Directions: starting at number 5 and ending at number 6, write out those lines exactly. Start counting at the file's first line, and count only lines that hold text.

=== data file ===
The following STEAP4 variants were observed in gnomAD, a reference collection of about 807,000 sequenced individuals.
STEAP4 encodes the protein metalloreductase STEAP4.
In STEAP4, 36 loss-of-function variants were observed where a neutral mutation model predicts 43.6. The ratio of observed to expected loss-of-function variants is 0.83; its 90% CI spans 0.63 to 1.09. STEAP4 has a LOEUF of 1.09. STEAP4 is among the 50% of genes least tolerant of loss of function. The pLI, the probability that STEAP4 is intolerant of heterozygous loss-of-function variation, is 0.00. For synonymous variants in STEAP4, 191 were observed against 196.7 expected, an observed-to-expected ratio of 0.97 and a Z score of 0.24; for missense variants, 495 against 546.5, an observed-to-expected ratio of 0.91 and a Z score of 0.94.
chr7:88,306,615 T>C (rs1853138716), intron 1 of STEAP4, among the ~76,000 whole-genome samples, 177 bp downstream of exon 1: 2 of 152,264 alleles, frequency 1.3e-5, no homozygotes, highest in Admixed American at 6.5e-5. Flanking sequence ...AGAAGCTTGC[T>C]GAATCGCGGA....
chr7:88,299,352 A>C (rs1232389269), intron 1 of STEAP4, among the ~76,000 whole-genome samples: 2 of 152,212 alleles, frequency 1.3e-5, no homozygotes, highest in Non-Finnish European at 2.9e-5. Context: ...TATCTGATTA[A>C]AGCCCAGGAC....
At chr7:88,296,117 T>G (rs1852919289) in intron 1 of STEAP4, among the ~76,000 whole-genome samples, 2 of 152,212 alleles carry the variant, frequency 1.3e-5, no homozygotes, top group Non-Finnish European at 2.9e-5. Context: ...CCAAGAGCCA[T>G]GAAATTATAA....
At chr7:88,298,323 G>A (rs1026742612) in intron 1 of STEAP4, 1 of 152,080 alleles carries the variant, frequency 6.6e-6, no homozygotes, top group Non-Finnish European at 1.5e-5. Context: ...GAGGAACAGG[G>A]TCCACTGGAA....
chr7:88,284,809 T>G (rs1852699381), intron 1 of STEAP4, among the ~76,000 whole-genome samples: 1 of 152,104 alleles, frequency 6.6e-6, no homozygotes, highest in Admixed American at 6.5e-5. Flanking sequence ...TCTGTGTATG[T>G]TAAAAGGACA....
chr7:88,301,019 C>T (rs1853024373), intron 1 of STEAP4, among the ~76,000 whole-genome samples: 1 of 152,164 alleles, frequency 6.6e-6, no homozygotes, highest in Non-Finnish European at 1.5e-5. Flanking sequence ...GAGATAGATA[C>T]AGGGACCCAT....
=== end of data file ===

chr7:88,299,352 A>C (rs1232389269), intron 1 of STEAP4, among the ~76,000 whole-genome samples: 2 of 152,212 alleles, frequency 1.3e-5, no homozygotes, highest in Non-Finnish European at 2.9e-5. Context: ...TATCTGATTA[A>C]AGCCCAGGAC....
At chr7:88,296,117 T>G (rs1852919289) in intron 1 of STEAP4, among the ~76,000 whole-genome samples, 2 of 152,212 alleles carry the variant, frequency 1.3e-5, no homozygotes, top group Non-Finnish European at 2.9e-5. Context: ...CCAAGAGCCA[T>G]GAAATTATAA....